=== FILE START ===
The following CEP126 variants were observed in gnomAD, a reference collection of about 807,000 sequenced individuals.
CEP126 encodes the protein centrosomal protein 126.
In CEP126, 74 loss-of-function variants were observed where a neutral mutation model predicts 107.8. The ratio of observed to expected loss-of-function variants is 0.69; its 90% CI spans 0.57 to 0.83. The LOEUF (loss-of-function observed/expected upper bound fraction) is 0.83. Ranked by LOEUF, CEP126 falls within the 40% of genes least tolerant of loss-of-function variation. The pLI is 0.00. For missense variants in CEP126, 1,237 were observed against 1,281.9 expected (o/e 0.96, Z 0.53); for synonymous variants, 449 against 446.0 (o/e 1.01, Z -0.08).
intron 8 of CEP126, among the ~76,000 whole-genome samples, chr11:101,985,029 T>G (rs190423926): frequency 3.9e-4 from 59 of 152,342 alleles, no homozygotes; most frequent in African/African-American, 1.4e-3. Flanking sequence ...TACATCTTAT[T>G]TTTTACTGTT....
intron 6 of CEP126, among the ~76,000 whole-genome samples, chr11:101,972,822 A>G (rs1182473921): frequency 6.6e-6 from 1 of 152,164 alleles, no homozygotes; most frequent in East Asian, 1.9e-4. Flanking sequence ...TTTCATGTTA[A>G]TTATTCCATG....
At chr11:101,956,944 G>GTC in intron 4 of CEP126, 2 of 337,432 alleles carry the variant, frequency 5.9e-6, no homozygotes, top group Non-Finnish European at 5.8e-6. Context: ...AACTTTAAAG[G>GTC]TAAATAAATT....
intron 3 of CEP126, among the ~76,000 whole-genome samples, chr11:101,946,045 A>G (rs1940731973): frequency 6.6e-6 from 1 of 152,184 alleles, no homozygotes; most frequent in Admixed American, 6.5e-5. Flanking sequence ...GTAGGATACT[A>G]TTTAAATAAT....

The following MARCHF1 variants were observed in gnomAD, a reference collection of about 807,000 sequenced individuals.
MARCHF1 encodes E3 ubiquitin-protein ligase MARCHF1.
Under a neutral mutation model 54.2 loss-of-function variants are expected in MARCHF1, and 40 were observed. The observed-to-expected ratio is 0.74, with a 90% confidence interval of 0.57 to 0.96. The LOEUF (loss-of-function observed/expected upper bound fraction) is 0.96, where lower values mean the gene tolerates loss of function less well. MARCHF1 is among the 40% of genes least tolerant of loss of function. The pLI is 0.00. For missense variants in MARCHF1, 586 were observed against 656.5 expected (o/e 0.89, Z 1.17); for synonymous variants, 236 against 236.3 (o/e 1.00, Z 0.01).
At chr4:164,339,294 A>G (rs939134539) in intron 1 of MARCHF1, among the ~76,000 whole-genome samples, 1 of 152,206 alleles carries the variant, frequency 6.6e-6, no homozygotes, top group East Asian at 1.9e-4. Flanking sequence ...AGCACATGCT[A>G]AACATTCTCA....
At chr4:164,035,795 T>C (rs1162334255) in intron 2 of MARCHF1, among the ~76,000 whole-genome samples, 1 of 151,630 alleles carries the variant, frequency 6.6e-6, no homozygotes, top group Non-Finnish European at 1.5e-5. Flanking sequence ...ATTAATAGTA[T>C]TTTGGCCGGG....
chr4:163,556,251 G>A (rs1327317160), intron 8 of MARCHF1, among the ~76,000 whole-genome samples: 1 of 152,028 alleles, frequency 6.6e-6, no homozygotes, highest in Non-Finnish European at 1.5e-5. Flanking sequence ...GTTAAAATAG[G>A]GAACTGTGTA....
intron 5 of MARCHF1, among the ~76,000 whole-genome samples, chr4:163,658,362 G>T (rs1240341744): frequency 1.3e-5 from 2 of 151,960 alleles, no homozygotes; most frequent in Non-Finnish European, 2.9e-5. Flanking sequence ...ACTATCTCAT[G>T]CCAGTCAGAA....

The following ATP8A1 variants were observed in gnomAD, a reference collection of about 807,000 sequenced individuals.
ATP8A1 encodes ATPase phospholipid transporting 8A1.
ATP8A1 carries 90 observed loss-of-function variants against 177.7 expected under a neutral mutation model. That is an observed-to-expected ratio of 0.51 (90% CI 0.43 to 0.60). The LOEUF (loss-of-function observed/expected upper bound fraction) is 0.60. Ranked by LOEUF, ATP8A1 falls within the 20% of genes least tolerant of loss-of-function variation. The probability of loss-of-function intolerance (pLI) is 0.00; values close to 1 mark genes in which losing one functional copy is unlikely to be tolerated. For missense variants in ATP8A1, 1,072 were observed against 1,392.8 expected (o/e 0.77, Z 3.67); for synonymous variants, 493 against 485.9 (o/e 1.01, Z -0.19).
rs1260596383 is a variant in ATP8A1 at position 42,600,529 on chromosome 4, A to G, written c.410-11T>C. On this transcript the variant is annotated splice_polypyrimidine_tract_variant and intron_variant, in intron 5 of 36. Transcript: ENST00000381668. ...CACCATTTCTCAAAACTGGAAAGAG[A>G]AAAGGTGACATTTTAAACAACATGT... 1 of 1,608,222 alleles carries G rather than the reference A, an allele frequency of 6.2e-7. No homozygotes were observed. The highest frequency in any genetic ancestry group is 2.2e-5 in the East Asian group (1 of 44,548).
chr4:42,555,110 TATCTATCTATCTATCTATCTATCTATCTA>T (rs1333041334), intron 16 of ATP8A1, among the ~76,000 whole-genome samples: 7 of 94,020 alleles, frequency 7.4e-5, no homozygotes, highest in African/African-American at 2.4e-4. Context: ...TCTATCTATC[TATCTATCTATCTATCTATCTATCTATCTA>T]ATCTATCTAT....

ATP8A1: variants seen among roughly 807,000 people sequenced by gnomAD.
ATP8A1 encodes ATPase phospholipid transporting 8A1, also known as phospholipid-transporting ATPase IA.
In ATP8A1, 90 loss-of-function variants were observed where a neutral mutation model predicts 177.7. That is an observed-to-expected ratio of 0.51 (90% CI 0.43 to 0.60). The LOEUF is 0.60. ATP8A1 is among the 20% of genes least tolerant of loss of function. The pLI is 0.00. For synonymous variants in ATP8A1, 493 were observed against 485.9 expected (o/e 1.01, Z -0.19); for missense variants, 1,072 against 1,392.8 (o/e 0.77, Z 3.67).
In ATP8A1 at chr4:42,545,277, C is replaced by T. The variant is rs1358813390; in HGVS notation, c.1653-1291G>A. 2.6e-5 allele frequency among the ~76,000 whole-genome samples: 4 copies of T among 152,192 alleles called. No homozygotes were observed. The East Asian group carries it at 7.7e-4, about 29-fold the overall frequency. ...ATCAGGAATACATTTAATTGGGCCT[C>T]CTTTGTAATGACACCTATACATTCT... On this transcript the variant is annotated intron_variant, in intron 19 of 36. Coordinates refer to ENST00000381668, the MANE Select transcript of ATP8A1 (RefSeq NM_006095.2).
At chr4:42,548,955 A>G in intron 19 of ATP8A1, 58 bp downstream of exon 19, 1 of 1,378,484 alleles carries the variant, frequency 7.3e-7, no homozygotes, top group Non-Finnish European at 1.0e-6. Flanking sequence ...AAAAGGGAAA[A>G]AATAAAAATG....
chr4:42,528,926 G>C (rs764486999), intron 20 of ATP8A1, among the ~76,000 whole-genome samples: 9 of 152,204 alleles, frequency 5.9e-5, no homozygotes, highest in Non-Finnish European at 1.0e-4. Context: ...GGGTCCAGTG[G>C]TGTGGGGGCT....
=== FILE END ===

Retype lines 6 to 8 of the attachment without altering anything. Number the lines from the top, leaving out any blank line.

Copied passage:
At chr11:101,956,944 G>GTC in intron 4 of CEP126, 2 of 337,432 alleles carry the variant, frequency 5.9e-6, no homozygotes, top group Non-Finnish European at 5.8e-6. Context: ...AACTTTAAAG[G>GTC]TAAATAAATT....
intron 3 of CEP126, among the ~76,000 whole-genome samples, chr11:101,946,045 A>G (rs1940731973): frequency 6.6e-6 from 1 of 152,184 alleles, no homozygotes; most frequent in Admixed American, 6.5e-5. Flanking sequence ...GTAGGATACT[A>G]TTTAAATAAT....

The following MARCHF1 variants were observed in gnomAD, a reference collection of about 807,000 sequenced individuals.